The present is already so uncertain that most of us don’t want to consider the future: but surely the pressures and changes we face now are likely to continue, and increase? The aim of the Seeding our Future project is to evolve and share ways that individuals, communities and front-line public services in the UK can grow their resilience skills and wisdom to thrive and adapt to meet future pressures positively. A distinctive aspect of our approach is using contact with Nature as a catalyst, helping people to open to new viewpoints and learn from the resilience of ecosystems.
The overall aim of Seeding our Future is to work as a pioneer and catalyst: identifying new issues, and creating or gathering processes to help our client groups to face them. We aim to do this by running pilot projects, achieving proof of concept, and then sharing our experience through train the trainer programmes or online resources to encourage others to use them. Seeding our Future (SOF) is a non-profit project, started in 2017. The founder and main funder is Alan Heeks, a social entrepreneur and writer (see www.naturalhappiness.net). Alan has been exploring resilience for many years: he has led numerous workshops on this theme, and set up Hazel Hill Wood, a 70-acre conservation woodland and residential centre showing how to learn resilience from natural ecosystems (see www.hazelhill.org.uk). Two of the main models we draw from are Alan’s Natural Happiness approach, and the Deep Adaptation framework created by Jem Bendell: see more in Resources.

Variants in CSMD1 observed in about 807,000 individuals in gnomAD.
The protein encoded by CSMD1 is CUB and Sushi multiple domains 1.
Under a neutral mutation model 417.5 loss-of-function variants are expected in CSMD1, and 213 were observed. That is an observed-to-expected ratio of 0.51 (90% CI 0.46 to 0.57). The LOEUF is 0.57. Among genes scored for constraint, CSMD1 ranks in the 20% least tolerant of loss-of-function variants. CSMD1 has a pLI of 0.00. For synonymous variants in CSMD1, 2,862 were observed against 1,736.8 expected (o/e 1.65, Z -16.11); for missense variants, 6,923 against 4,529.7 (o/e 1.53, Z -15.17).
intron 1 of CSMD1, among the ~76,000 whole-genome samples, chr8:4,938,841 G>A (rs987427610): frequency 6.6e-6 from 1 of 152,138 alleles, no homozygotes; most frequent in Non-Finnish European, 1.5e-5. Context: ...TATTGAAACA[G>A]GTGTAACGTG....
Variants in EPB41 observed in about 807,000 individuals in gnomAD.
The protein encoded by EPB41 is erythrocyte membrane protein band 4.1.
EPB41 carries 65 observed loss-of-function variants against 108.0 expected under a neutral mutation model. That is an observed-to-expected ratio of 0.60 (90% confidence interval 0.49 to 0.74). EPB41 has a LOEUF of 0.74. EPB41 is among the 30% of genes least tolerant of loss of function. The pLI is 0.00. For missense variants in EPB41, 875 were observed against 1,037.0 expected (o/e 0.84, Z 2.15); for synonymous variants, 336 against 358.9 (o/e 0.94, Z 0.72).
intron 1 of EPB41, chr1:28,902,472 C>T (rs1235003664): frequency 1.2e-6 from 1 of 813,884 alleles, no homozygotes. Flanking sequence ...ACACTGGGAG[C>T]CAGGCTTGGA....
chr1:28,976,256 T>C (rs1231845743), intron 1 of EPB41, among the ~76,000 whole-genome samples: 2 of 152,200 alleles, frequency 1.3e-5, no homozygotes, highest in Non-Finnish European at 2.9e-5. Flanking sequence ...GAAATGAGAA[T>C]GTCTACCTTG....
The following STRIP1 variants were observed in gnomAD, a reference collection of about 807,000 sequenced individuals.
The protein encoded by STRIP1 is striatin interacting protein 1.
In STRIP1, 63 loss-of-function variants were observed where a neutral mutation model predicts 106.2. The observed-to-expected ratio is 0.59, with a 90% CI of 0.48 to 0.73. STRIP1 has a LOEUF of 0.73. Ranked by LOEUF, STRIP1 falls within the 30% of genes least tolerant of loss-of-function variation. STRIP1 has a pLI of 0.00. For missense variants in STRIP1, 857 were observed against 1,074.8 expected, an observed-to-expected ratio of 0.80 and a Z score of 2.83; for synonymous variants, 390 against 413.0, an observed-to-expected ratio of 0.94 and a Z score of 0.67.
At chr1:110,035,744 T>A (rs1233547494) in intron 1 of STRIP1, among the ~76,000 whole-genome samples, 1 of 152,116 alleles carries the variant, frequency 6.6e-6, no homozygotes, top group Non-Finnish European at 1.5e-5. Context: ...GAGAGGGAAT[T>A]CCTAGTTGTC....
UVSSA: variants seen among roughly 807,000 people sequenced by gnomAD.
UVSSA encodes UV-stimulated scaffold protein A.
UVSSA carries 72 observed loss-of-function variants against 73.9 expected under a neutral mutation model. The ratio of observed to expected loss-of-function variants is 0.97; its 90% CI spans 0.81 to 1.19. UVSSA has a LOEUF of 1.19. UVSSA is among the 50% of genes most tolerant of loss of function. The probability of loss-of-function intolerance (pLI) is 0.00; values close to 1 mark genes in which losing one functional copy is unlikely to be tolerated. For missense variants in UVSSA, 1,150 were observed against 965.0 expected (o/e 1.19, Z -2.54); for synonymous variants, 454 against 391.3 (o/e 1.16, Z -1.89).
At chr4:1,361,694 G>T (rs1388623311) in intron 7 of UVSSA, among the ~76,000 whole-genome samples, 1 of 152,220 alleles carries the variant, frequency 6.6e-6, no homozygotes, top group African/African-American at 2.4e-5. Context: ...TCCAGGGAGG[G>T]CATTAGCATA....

We currently have four active programmes: two of these, Future Conversations and Front-Line Futures, have completed successful pilot programmes and are available for bookings from new clients groups and partner organisations.
A. Future Conversations: The aim of this project is to offer knowhow and facilitation to help members and organisers in local communities to explore the upsides and downsides of the next 10-20 years, including impacts from climate change, and raise their skills and confidence to enjoy the years ahead, drawing on natural resilience, deep ecology and other methods. The format is a series of facilitated conversations, covering individual/family issues, global concerns especially climate change, and community needs. In 2019 we completed successful pilot programmes of 6-8 sessions in three locations: South London, Nottingham, and Clydeside. We can now offer programmes for individuals or groups, online or in person: for more info, see Future Conversations.
B. Front-Line Futures: The capacity of front-line public services is crucial to everyone’s wellbeing: these include the NHS, local authority functions, and parts of the voluntary sector. Currently we are seeing a severe upturn in burnout and staff turnover in many areas, alongside rising demand and shrinking resources.